The data generated in the experiments were recorded and subjected to statistical analysis using standard procedure [13]. The standard errors (SE) and critical differences (CD) at 5% level of significance were worked out for comparison of treatments and presented in the respective tables.

Results and Discussion

Chemical composition of safflower petals

The chemical composition of safflower petals revealed that higher quantity of constituents (Table 1). The safflower petals are nutritive and containing natural colouring pigment. Further the results are in good agreement with the findings of others [2,3,14].

Constituents Value (%)
Moisture 4.70
Crude Protein 1.82
Fat 4.80
Ash 10.80
Crude Fibre 11.60
Carthamin (Red) 0.77
Carthamidin (Yellow) 29.59

Table 1: Chemical composition of safflower petals.

Chemical composition of ice cream added with carthamidin

The chemical characteristics of ice cream were significantly increased (P<0.05) with the addition of carthamidin extract (Table 2). The moisture content was found to be higher in the ice cream incorporated with carthamidin extract than control. Similar trend was observed for fat and ash content of ice cream. The carbohydrates and protein content were found to increase with increase in concentration of carthamidin extract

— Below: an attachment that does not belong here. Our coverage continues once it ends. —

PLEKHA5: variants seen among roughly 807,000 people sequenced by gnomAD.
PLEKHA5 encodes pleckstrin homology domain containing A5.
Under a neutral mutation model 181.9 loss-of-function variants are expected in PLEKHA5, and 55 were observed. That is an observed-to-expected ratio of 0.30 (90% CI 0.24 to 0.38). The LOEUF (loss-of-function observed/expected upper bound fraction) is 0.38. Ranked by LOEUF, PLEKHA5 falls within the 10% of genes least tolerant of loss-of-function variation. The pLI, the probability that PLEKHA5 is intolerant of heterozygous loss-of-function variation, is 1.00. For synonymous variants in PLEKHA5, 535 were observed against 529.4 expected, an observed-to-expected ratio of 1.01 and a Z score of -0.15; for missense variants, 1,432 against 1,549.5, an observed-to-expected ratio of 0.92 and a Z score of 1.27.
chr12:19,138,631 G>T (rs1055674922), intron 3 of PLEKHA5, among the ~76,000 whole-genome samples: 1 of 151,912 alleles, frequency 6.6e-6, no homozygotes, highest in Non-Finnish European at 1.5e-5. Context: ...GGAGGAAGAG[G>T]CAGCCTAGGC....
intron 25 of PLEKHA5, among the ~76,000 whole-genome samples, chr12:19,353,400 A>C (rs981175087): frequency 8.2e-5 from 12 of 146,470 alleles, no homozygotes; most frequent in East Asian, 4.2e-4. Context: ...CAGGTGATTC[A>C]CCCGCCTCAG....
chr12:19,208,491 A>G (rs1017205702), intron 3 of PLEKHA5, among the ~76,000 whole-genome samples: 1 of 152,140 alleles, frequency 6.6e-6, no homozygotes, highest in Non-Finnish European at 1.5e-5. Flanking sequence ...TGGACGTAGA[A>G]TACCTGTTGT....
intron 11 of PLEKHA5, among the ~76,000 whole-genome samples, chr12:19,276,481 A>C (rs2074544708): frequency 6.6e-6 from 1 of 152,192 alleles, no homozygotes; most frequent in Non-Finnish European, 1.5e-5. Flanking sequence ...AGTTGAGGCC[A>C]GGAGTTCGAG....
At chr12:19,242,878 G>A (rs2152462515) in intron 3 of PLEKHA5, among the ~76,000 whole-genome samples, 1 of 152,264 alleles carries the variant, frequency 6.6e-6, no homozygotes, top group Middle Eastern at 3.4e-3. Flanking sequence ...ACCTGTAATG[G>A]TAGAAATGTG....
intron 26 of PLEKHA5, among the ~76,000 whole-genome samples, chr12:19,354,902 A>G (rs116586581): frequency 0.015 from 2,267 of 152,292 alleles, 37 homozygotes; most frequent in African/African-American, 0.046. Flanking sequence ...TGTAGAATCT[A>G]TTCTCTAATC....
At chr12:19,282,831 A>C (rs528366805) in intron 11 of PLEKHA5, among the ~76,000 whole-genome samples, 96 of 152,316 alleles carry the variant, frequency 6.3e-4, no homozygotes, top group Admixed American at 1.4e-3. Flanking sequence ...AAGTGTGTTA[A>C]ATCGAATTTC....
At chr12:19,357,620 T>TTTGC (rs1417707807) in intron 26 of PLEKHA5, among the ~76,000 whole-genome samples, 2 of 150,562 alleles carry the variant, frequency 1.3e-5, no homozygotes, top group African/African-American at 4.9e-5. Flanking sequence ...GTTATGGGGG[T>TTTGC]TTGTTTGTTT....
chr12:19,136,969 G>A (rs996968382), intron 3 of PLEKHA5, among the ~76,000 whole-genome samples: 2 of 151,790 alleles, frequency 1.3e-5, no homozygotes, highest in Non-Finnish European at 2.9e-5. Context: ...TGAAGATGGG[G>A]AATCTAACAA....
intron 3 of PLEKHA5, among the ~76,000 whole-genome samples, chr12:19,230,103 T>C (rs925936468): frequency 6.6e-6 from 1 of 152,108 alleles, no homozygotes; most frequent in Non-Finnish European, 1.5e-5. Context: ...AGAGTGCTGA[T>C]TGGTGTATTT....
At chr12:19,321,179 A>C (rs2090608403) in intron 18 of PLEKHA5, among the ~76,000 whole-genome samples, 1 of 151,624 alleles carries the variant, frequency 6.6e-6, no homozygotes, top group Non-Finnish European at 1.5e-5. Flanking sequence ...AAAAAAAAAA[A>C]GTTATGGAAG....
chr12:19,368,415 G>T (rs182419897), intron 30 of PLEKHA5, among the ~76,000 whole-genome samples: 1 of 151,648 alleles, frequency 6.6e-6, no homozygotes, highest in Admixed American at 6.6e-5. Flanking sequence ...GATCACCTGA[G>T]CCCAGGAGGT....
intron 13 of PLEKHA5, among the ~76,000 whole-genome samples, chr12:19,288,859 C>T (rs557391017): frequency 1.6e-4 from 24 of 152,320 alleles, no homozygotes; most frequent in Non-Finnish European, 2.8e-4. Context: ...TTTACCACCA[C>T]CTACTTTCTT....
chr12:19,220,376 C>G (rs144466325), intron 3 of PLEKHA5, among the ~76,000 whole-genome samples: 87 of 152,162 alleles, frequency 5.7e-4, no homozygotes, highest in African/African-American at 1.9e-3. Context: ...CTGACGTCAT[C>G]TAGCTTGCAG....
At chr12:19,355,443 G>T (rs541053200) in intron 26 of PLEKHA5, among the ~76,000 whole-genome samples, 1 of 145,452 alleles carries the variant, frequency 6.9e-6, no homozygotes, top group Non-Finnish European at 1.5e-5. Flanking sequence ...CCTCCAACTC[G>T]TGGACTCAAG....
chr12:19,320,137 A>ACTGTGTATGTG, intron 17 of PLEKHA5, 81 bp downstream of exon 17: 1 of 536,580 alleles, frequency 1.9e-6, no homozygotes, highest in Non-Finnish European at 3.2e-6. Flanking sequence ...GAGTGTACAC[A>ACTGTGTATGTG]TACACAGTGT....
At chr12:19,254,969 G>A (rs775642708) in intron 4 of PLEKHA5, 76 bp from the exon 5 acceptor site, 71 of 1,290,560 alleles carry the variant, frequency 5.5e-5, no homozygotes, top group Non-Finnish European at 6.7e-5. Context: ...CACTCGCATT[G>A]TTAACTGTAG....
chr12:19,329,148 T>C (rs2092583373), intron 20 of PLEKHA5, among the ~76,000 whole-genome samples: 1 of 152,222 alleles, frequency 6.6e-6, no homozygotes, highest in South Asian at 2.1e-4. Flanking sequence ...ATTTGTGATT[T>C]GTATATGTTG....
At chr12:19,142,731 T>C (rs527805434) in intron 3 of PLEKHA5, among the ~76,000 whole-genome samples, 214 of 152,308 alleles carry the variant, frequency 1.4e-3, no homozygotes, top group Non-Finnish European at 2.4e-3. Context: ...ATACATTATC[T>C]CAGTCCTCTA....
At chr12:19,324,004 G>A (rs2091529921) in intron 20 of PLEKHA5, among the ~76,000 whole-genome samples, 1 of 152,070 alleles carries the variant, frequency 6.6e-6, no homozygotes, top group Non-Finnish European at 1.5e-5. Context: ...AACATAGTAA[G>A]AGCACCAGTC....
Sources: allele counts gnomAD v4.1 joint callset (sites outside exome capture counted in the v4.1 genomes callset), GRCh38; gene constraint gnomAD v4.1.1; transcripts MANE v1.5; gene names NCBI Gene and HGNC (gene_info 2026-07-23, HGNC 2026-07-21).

Ice cream Moisture (%) Protein (%) Fat (%) Total carbohydrates (%) Ash (%)
Control 62.05 4.85 10.00 21.38 1.52
A 62.40 5.05 10.05 21.78 1.60
B 62.65 5.03 10.10 21.75 1.64
C 63.05 5.00 10.12 21.77 1.69
SE± 0.122 0.076 0.103 0.112 0.058
CD at 5% 0.399 0.249 0.335 0.364 0.188

Table 2: Chemical composition of the ice cream added with carthamidin extract.

Organoleptic evaluation of ice cream added with carthamidin extract

The sensory evaluation of the ice-cream was done on the basis of 9-point Hedonic scale by the panel of 10 trained judges. The color added was 0.03, 0.06, and 0.09 mL carthamidin extract (Table 3). The addition of carthamidin (0.06 mL) scored significantly higher (P<0.05) for flavour and overall acceptability. Further, it was found that the texture of all samples was soft with even mouthfeel. The texture among the samples was much uniform with slight variations due to addition of the color. The addition of the more carthamidin in the ice cream has some safflower petals like flavor. Finally it can be concluded that the addition of the carthamidin extract to the value added product i.e. icecream could give the natural way of color pigment in the food products as well as give the health benefits of the safflower.

Ice cream Flavour Body and texture Colour Taste Overall acceptability
Control 8.5 8.8 8.0 8.8 8.3
A 8.3 8.3 8.3 8.1 8.6
B 8.9 8.4 8.6 8.3 8.8
C 8.1 8.0 8.3 8.3 8.3
SE± 0.07 0.06 0.09 0.10 0.09
CD at 5% 0.25 0.19 0.30 0.33 0.30

Table 3: Organoleptic evaluation of ice cream added with carthamidin extract.